Krishna has already given a great deal of information regarding the nature of Brahman. Now we are going to be shown how much an embodied human being can comprehend of God, and how he should respond to that knowledge.
Arjuna said: You are the Supreme Brahman, the Supreme Abode, the Supreme Purifier, the Divine Eternal Spirit, the First God, the Birthless and All-pervading. Thus do all the sages declare you: the Divine Sage Narada, Asita, Devala, and Vyasa. And you yourself say it to me (10:12-13).
Nearly all religion tries to reduce God to an all-powerful human being, rather than elevate human beings to the status of divinity. (I include much of Hinduism in this, as well.) Whatever we may be thinking intellectually, we tend to respond to the thought of God according to how much we have been conditioned by ignorant religion. But beyond all whittled-down and adjusted religion there is the Eternal Dharma which proclaims the truth about God, human beings, and their common essence. This dharma is most perfectly presented to us in the Gita. It is what Vyasa tells us we can know about God.
Supreme Brahman. Often the Upanishads speak of there being a higher and a lower Brahman, referring to the unmanifest and manifest aspects of Brahman. The word param–supreme, or higher–is used here to declare that we can know right here and now the Absolute Reality in its pure Essence, not in any lesser sense.
Supreme Abode. Brahman is That in which all things exist–have their being–so it is the ultimate abode of the Self. Right now we experience living far below this, though in reality we are always dwelling in Brahman. The Gita is telling us that even the embodied person can have the experience of dwelling in Absolute Consciousness.
Supreme Purifier. “Every man that hath this hope in him purifieth himself, even as he is pure” (I John 3:3). By baptizing–immersing–ourselves in God through yoga sadhana we become supremely purified. For pavitram paramam also can mean Supremely Pure.
Divine Eternal Spirit. Obviously Brahman is eternal, divine, and spirit, but these words have been put here as an indication that in the vision of God we will see that we, too, are eternal, and therefore always divine in nature. And that nature is pure spirit.
The First God. Not existing in time or space, there can be nothing prior to Brahman, or to us. Adidevam–literally the prime or first god–implies that there is a chain, a hierarchy of spiritual powers, of greatly evolved beings, devoted to the maintenance and evolution of the cosmos and those within it. These holy ones can rightly be called gods, but only Brahman is the primal God, the God of gods.
(Those who look upon the monotheism of the Bible in a simplistic and inflexible manner should consider these inspired statements of the prophet David: “God standeth in the congregation of the mighty; he judgeth among the gods” (Psalms 82:1). “For the Lord is a great God, and a great King above all gods” (Psalms 95:3). “O give thanks unto the God of gods: for his mercy endureth for ever” (Psalms 136:2).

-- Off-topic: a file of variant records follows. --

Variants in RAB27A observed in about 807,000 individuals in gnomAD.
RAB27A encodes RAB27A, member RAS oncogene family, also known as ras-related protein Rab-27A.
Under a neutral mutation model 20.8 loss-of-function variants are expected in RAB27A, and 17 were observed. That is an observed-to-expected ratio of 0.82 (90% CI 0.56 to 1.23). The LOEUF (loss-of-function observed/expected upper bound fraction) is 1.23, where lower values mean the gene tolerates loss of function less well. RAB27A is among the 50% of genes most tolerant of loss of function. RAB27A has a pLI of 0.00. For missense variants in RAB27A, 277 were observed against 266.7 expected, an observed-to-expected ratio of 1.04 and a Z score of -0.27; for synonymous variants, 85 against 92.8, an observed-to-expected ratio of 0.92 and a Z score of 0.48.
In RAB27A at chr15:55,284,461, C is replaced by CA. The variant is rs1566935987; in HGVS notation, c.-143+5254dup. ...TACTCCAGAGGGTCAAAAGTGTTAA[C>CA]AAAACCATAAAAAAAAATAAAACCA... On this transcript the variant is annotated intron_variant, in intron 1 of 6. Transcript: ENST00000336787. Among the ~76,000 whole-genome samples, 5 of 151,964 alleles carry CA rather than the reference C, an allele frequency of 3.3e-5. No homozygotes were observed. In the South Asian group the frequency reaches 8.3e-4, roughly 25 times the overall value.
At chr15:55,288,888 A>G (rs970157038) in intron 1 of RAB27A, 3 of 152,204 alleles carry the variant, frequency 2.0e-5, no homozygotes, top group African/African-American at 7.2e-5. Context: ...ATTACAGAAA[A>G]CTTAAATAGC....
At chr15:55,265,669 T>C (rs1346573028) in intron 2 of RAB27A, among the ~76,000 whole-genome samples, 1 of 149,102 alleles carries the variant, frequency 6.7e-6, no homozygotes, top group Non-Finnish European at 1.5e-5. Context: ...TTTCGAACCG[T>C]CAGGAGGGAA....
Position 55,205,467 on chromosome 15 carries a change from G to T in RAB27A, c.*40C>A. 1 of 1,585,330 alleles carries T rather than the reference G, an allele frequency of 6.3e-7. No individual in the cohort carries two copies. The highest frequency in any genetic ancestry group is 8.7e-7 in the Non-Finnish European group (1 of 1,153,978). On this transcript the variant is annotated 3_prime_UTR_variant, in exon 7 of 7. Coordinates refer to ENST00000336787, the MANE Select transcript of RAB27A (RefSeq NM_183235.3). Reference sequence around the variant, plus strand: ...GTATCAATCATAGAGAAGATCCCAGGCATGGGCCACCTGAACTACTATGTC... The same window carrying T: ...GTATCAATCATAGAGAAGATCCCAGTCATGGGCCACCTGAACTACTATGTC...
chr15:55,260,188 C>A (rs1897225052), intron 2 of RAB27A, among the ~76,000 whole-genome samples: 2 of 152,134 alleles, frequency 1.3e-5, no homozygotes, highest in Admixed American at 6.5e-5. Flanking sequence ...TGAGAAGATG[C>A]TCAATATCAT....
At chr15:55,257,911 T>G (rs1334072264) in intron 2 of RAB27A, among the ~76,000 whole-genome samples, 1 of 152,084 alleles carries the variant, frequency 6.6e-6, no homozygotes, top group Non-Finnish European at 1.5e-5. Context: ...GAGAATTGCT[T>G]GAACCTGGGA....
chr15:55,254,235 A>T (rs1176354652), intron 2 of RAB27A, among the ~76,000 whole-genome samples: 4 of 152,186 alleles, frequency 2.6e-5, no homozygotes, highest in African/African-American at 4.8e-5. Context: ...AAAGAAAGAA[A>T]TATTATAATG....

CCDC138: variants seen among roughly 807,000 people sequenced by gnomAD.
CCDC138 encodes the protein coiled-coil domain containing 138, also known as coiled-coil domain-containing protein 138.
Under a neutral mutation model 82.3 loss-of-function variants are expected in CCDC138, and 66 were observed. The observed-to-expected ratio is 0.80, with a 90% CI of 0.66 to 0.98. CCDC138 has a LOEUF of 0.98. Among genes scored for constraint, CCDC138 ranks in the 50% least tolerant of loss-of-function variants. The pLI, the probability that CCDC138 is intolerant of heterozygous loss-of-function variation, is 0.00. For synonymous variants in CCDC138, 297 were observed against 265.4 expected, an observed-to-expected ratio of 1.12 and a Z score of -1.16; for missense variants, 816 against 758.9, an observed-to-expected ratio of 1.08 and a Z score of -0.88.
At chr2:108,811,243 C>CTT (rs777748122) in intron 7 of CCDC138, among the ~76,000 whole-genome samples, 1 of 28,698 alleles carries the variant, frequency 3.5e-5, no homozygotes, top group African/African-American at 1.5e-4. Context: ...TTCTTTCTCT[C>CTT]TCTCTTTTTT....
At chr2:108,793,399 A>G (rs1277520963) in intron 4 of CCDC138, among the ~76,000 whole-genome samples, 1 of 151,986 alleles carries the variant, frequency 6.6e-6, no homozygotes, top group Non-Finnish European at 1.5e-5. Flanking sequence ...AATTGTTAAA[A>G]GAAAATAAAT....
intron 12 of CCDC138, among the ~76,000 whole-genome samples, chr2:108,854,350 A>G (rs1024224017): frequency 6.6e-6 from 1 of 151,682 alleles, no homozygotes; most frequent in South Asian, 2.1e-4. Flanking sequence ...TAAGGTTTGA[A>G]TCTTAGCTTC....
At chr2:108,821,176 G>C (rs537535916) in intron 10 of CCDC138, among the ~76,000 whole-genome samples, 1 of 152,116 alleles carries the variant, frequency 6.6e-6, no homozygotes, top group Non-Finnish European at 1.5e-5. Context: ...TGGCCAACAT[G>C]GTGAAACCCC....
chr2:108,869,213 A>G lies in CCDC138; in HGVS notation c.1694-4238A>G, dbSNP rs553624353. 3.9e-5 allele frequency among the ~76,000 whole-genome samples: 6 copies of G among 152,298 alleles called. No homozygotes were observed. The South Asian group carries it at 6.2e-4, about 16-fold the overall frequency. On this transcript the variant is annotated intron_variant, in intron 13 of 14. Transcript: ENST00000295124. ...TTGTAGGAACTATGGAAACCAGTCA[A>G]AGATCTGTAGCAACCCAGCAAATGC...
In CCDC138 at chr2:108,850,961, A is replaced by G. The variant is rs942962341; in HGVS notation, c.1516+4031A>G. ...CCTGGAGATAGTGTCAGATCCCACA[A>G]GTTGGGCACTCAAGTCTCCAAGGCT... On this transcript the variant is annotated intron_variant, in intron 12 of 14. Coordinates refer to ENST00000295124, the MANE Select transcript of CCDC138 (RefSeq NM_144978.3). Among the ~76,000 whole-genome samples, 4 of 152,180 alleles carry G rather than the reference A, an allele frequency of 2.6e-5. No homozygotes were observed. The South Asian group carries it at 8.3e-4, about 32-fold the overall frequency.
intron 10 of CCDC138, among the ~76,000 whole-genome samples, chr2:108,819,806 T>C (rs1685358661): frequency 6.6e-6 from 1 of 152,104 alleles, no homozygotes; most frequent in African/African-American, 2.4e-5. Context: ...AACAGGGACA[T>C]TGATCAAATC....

Birthless and All-pervading. God never came into being, but has existed forever. Nor is God to be found in one place and not another, for he pervades all in eternal omnipresence.
All the sages. All the rishis, the seers, have known God–not just known about God–and they have said all the foregoing to be true. Arjuna says this because the worthy seeker-aspirant takes into serious account the words of those who have gone before him in the search for God. He will not be a slave of dogmatism or a blind believer, but he will provisionally accept the likelihood of the statements of Brahman-knowers until he comes to know for himself their truth and value.
You yourself. Not only have the sages told us the truth of Brahman, Brahman itself from deep within our consciousness has caused the intuition of these spiritual facts to arise into our minds and hearts. In this way, as Patanjali assures us, Brahman “is guru even of the ancients” (Yoga Sutras 1:26), and us, as well.
In a final declaration of faith Arjuna says:
All this which you say to me I believe is true. Truly, Lord God (Bhagavan), neither the gods nor the demons know your manifestation (10:14).
Even highly evolved intelligences, whether positive or negative, can never know the full truth of God. Only those who have risen far higher and beheld God in a profound knowing that surpasses all other knowledge can truly know.
For you alone know yourself by yourself, O you, the Purushottama: bestowing welfare on all beings, Lord of Beings, God of gods, Lord of the universe (10:15).
All these things, also, can be known by the persistent yogi, but the most significant thing is: “You alone know yourself by yourself.” It is important because it is the truth about us, as well. Unless we open our inner consciousness we will know nothing–either about ourselves or about God.
Appealing to God
Please describe completely your divine self-manifestations by which manifestations you pervade the worlds and abide in them. How may I know you, O Yogi, constantly meditating on you? And in what aspects of your Being are you to be thought of by me, O Bhagavan? Explain to me further in detail your powers and manifestations. I am never satiated with hearing your amrita-like words (10:16-18).